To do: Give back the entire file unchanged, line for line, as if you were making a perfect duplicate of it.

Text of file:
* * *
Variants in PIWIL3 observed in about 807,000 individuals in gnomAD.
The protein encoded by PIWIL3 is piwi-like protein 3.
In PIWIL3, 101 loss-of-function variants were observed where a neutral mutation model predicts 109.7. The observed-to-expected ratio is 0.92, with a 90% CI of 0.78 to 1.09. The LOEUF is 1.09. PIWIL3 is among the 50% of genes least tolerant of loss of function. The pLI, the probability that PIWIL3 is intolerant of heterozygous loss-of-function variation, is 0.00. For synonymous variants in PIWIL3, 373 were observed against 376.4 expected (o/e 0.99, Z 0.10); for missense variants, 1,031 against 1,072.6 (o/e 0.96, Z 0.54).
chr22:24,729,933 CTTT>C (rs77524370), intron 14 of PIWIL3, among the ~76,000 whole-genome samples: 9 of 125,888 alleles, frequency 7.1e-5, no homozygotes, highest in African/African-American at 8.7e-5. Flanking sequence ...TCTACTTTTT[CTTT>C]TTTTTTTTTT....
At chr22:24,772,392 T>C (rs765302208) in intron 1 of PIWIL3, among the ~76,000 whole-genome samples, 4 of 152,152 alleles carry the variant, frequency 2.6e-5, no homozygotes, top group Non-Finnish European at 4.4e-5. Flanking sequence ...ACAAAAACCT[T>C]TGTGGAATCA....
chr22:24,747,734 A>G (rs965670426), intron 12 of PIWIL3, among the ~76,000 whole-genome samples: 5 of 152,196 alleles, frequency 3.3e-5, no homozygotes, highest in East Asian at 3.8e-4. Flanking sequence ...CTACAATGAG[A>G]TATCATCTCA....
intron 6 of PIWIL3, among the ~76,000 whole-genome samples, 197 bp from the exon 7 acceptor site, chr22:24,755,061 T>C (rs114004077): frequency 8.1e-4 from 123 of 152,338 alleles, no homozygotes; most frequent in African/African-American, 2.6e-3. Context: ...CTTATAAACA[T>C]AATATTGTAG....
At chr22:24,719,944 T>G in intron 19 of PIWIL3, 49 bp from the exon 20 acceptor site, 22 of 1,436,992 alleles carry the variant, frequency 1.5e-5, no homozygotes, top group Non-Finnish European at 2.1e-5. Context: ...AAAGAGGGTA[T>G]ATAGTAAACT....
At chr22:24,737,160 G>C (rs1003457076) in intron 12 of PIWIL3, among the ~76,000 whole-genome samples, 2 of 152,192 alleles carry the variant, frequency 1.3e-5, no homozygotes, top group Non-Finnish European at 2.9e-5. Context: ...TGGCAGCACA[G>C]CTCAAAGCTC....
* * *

Variants in PIWIL3 observed in about 807,000 individuals in gnomAD.
The protein encoded by PIWIL3 is piwi-like protein 3.
In PIWIL3, 101 loss-of-function variants were observed where a neutral mutation model predicts 109.7. The observed-to-expected ratio is 0.92, with a 90% CI of 0.78 to 1.09. The LOEUF is 1.09. PIWIL3 is among the 50% of genes least tolerant of loss of function. The pLI, the probability that PIWIL3 is intolerant of heterozygous loss-of-function variation, is 0.00. For synonymous variants in PIWIL3, 373 were observed against 376.4 expected (o/e 0.99, Z 0.10); for missense variants, 1,031 against 1,072.6 (o/e 0.96, Z 0.54).
chr22:24,729,933 CTTT>C (rs77524370), intron 14 of PIWIL3, among the ~76,000 whole-genome samples: 9 of 125,888 alleles, frequency 7.1e-5, no homozygotes, highest in African/African-American at 8.7e-5. Flanking sequence ...TCTACTTTTT[CTTT>C]TTTTTTTTTT....
At chr22:24,772,392 T>C (rs765302208) in intron 1 of PIWIL3, among the ~76,000 whole-genome samples, 4 of 152,152 alleles carry the variant, frequency 2.6e-5, no homozygotes, top group Non-Finnish European at 4.4e-5. Flanking sequence ...ACAAAAACCT[T>C]TGTGGAATCA....
chr22:24,747,734 A>G (rs965670426), intron 12 of PIWIL3, among the ~76,000 whole-genome samples: 5 of 152,196 alleles, frequency 3.3e-5, no homozygotes, highest in East Asian at 3.8e-4. Flanking sequence ...CTACAATGAG[A>G]TATCATCTCA....
intron 6 of PIWIL3, among the ~76,000 whole-genome samples, 197 bp from the exon 7 acceptor site, chr22:24,755,061 T>C (rs114004077): frequency 8.1e-4 from 123 of 152,338 alleles, no homozygotes; most frequent in African/African-American, 2.6e-3. Context: ...CTTATAAACA[T>C]AATATTGTAG....
At chr22:24,719,944 T>G in intron 19 of PIWIL3, 49 bp from the exon 20 acceptor site, 22 of 1,436,992 alleles carry the variant, frequency 1.5e-5, no homozygotes, top group Non-Finnish European at 2.1e-5. Context: ...AAAGAGGGTA[T>G]ATAGTAAACT....
At chr22:24,737,160 G>C (rs1003457076) in intron 12 of PIWIL3, among the ~76,000 whole-genome samples, 2 of 152,192 alleles carry the variant, frequency 1.3e-5, no homozygotes, top group Non-Finnish European at 2.9e-5. Context: ...TGGCAGCACA[G>C]CTCAAAGCTC....